Our final destination was Hamilton Island in the Whitsunday Islands. Weary with walking in cities this was our rest and relaxation stop before we headed home. I had chosen qualia, an adults-only resort at the tip of the island, as it was important we had time to reflect on our Australian trip but also enjoy one of the natural wonders of the world; the Great Barrier Reef.
I knew it would be special when I handed over the luggage tickets to the resort staff at the airport and being whisked away, hoping that my luggage would reappear later in the day. I was anxious throughout our holiday that our luggage would get lost but nearly four weeks in and we still had it all.
Walking into the Long Pavilion and looking out across the Coral Sea is one of those unforgettable moments. A couple of glasses of champagne and we were given the keys to our transport for our stay – a golf buggy. Hamilton Island is quirky as the main form of transport is golf buggies with only a few cars and trades vehicles allowed. It is also very hilly so ascents are slow and overtaking is not allowed. With a demon driver for a husband this was going to be a stressful experience.
We were taken to our Windward Pavilion and walking through the doors we were met with floor to ceiling glass windows with views across the sea. Like the Wolgan Valley this was one of those moments that will stay with me forever. To say it was dreamlike is an understatement. Everything was perfect. The lounge, bedroom and bathroom all had stunning views across the sea. An outside terrace with our own plunge pool completed the picture. Below the pavilion, a family of wallabies was searching for food and they were regular visitors during our stay. Sulphur Crested Cockatoos flew from tree to tree and on one occasion one came to join us on the verandah.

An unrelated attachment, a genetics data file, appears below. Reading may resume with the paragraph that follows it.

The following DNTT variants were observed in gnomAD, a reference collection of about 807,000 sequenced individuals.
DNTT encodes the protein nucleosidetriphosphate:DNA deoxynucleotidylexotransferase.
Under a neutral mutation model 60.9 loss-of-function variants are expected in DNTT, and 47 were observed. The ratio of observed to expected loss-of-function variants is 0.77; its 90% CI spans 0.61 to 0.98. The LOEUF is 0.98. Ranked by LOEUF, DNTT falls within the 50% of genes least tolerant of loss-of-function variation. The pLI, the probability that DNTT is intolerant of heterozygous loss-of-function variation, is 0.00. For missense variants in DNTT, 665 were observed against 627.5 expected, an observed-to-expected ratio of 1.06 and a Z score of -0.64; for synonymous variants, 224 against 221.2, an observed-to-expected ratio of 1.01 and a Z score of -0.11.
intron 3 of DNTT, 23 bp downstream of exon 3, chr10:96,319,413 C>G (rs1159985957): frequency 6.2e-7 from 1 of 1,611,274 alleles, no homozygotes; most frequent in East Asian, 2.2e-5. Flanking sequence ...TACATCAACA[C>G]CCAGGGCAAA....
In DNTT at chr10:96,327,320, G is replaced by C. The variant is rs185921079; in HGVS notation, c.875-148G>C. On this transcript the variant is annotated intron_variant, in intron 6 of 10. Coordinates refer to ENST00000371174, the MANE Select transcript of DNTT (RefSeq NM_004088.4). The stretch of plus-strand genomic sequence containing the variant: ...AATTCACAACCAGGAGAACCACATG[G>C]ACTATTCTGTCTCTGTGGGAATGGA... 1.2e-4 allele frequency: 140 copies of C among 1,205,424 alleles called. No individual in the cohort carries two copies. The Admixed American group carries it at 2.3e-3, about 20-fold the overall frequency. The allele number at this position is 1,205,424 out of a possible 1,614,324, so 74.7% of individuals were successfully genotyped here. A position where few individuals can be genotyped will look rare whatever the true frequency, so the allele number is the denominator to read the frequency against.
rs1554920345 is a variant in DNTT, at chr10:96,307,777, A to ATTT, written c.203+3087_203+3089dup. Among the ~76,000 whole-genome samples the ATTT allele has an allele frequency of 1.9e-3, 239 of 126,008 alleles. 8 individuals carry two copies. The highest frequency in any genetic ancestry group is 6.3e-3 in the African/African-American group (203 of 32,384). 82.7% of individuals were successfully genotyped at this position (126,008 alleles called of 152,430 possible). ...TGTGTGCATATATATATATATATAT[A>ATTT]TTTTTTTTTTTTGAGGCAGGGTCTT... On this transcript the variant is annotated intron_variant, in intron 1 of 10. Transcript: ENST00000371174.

The degustation menu in the Pebble Beach restaurant was our treat on the first night, paired with a wine flight. For those readers who know me, they will understand that drinking wine with each course is a recipe for disaster for this very lightweight drinker. The last occasion was at the House of Tides in Newcastle where I struggled to negotiate the stairs. Maybe it was the setting or the fact that I had become accustomed to alcohol during this holiday that I managed not to fall down or suffer from a hangover the following day.
On the island there is a small selection of restaurants; Italian, Fish and Chips, Pub Grub and Fine Dining. The one good thing is that you don’t need to take money with you. The island has a system where everything can be charged to your hotel room. While convenient, it is also dangerous as you can easily lose track of your spending. Oh how we dreaded the final bill!
Our travel agent had booked two boat trips for us; a full day trip to Hardy Reef to snorkel and see the marine life and a half-day trip to Whitehaven Beach, probably one of the most iconic beaches in the world.
Cruise Whitsundays run a range of boat trips and the full day one to the Reef is popular. The trip also comes with a warning. The sea can be rough and anyone who suffered from seasickness was advised to take tablets before we hit the turbulent waters. Fortunately we both have good sea legs but many of our fellow passengers did not. The crew were dishing out sick bags and ice cubes to a large proportion of the tourists on board. Oh how we laughed.
There are briefings for snorkelers and divers to ensure the safety of everyone and to protect the marine life. It was the start of the jelly fish season (in particular the Irukandji jellyfish) and everyone donned either wetsuits or stinger suits.